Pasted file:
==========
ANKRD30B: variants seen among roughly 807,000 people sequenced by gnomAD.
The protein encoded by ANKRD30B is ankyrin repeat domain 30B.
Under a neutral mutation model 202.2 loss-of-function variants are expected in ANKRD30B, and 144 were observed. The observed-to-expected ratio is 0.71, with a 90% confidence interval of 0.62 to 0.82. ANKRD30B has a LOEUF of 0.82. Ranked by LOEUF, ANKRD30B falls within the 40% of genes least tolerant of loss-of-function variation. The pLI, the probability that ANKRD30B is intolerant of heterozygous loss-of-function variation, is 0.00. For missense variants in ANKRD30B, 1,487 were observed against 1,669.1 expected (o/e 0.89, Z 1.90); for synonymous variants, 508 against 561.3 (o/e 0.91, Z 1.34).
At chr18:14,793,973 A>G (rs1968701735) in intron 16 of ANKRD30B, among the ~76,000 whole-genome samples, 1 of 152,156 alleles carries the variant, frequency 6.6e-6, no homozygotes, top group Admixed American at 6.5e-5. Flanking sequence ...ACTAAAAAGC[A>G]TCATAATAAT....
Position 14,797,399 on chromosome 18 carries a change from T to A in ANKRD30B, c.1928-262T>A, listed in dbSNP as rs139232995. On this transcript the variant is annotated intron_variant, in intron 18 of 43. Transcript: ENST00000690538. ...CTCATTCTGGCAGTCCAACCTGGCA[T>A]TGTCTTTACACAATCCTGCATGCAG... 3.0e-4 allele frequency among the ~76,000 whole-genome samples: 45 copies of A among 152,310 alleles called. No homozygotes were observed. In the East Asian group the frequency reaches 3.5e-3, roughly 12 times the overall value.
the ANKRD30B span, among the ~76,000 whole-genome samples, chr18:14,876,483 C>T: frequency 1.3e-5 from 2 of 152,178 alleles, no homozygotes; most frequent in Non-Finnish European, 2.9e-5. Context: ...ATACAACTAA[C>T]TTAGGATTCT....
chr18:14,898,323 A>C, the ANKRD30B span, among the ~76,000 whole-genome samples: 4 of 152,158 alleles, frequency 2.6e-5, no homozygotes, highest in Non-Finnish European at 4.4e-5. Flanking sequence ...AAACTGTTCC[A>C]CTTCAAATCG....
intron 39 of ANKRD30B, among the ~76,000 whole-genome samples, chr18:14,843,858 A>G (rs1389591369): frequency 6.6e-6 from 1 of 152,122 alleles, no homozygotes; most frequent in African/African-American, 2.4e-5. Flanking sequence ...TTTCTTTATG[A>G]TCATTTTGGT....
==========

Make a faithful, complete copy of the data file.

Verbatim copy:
ANKRD30B: variants seen among roughly 807,000 people sequenced by gnomAD.
The protein encoded by ANKRD30B is ankyrin repeat domain 30B.
Under a neutral mutation model 202.2 loss-of-function variants are expected in ANKRD30B, and 144 were observed. The observed-to-expected ratio is 0.71, with a 90% confidence interval of 0.62 to 0.82. ANKRD30B has a LOEUF of 0.82. Ranked by LOEUF, ANKRD30B falls within the 40% of genes least tolerant of loss-of-function variation. The pLI, the probability that ANKRD30B is intolerant of heterozygous loss-of-function variation, is 0.00. For missense variants in ANKRD30B, 1,487 were observed against 1,669.1 expected (o/e 0.89, Z 1.90); for synonymous variants, 508 against 561.3 (o/e 0.91, Z 1.34).
At chr18:14,793,973 A>G (rs1968701735) in intron 16 of ANKRD30B, among the ~76,000 whole-genome samples, 1 of 152,156 alleles carries the variant, frequency 6.6e-6, no homozygotes, top group Admixed American at 6.5e-5. Flanking sequence ...ACTAAAAAGC[A>G]TCATAATAAT....
Position 14,797,399 on chromosome 18 carries a change from T to A in ANKRD30B, c.1928-262T>A, listed in dbSNP as rs139232995. On this transcript the variant is annotated intron_variant, in intron 18 of 43. Transcript: ENST00000690538. ...CTCATTCTGGCAGTCCAACCTGGCA[T>A]TGTCTTTACACAATCCTGCATGCAG... 3.0e-4 allele frequency among the ~76,000 whole-genome samples: 45 copies of A among 152,310 alleles called. No homozygotes were observed. In the East Asian group the frequency reaches 3.5e-3, roughly 12 times the overall value.
the ANKRD30B span, among the ~76,000 whole-genome samples, chr18:14,876,483 C>T: frequency 1.3e-5 from 2 of 152,178 alleles, no homozygotes; most frequent in Non-Finnish European, 2.9e-5. Context: ...ATACAACTAA[C>T]TTAGGATTCT....
chr18:14,898,323 A>C, the ANKRD30B span, among the ~76,000 whole-genome samples: 4 of 152,158 alleles, frequency 2.6e-5, no homozygotes, highest in Non-Finnish European at 4.4e-5. Flanking sequence ...AAACTGTTCC[A>C]CTTCAAATCG....
intron 39 of ANKRD30B, among the ~76,000 whole-genome samples, chr18:14,843,858 A>G (rs1389591369): frequency 6.6e-6 from 1 of 152,122 alleles, no homozygotes; most frequent in African/African-American, 2.4e-5. Flanking sequence ...TTTCTTTATG[A>G]TCATTTTGGT....